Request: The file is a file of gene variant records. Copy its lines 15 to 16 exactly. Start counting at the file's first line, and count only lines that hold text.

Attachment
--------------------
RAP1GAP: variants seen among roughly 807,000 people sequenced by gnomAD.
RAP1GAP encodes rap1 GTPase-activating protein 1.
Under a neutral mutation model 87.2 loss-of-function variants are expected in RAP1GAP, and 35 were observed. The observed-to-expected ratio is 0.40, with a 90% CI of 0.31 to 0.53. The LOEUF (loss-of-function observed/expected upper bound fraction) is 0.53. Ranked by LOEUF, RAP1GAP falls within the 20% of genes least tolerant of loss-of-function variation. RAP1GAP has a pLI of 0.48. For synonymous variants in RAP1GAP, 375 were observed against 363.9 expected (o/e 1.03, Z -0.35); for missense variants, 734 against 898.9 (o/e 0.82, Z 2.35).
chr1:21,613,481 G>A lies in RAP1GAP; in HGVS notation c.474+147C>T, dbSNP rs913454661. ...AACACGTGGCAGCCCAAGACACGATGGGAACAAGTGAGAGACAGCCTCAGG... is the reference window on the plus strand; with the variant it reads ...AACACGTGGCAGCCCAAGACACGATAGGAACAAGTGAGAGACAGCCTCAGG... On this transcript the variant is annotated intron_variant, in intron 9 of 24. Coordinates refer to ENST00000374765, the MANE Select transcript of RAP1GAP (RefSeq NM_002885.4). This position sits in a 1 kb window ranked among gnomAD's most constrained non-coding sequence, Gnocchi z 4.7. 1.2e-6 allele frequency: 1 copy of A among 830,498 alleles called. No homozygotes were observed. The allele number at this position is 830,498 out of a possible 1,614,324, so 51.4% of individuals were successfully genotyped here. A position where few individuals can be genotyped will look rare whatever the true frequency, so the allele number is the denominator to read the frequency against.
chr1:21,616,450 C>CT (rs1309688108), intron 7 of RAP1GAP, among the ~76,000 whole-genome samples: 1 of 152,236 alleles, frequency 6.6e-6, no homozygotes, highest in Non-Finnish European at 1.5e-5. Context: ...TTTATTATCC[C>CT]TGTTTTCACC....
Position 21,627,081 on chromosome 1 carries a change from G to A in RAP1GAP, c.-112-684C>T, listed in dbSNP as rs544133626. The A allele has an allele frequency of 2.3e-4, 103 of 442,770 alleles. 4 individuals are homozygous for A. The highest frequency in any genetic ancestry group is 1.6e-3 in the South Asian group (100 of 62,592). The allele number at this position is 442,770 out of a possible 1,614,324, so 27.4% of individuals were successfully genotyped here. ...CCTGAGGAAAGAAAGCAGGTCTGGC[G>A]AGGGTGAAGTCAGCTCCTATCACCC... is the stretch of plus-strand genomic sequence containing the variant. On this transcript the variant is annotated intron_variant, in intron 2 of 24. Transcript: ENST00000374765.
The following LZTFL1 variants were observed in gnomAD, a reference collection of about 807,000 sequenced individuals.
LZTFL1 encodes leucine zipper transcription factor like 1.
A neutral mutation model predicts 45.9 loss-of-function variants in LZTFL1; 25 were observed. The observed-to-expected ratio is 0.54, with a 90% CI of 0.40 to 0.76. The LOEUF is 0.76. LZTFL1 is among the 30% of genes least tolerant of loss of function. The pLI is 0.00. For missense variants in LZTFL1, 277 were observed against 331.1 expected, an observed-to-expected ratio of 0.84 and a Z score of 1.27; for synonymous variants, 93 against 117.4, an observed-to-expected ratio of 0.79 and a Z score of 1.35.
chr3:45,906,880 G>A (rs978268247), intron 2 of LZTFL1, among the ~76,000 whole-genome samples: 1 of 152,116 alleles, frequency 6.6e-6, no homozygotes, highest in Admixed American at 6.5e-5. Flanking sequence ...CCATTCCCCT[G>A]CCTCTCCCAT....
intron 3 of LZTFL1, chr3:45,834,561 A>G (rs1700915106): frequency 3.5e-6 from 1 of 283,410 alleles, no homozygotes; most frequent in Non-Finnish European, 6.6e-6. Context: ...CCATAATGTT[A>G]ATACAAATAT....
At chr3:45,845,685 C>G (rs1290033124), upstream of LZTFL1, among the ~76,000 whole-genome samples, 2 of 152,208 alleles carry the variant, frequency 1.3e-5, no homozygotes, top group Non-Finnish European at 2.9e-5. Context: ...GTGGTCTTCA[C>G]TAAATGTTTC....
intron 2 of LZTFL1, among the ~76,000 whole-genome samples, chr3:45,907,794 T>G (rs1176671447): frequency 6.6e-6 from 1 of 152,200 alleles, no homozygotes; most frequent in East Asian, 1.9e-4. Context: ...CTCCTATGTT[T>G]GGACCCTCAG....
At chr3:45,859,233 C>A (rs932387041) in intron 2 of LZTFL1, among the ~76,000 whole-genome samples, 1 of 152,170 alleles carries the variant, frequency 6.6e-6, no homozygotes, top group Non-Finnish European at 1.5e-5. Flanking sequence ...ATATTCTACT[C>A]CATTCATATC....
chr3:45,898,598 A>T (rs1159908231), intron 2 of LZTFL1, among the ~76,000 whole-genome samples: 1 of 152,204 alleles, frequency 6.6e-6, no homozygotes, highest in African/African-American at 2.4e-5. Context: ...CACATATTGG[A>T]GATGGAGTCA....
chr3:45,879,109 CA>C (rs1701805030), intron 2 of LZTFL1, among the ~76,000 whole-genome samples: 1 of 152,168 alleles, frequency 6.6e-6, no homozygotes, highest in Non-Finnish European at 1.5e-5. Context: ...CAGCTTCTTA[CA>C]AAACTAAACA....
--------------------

chr3:45,898,598 A>T (rs1159908231), intron 2 of LZTFL1, among the ~76,000 whole-genome samples: 1 of 152,204 alleles, frequency 6.6e-6, no homozygotes, highest in African/African-American at 2.4e-5. Context: ...CACATATTGG[A>T]GATGGAGTCA....
chr3:45,879,109 CA>C (rs1701805030), intron 2 of LZTFL1, among the ~76,000 whole-genome samples: 1 of 152,168 alleles, frequency 6.6e-6, no homozygotes, highest in Non-Finnish European at 1.5e-5. Context: ...CAGCTTCTTA[CA>C]AAACTAAACA....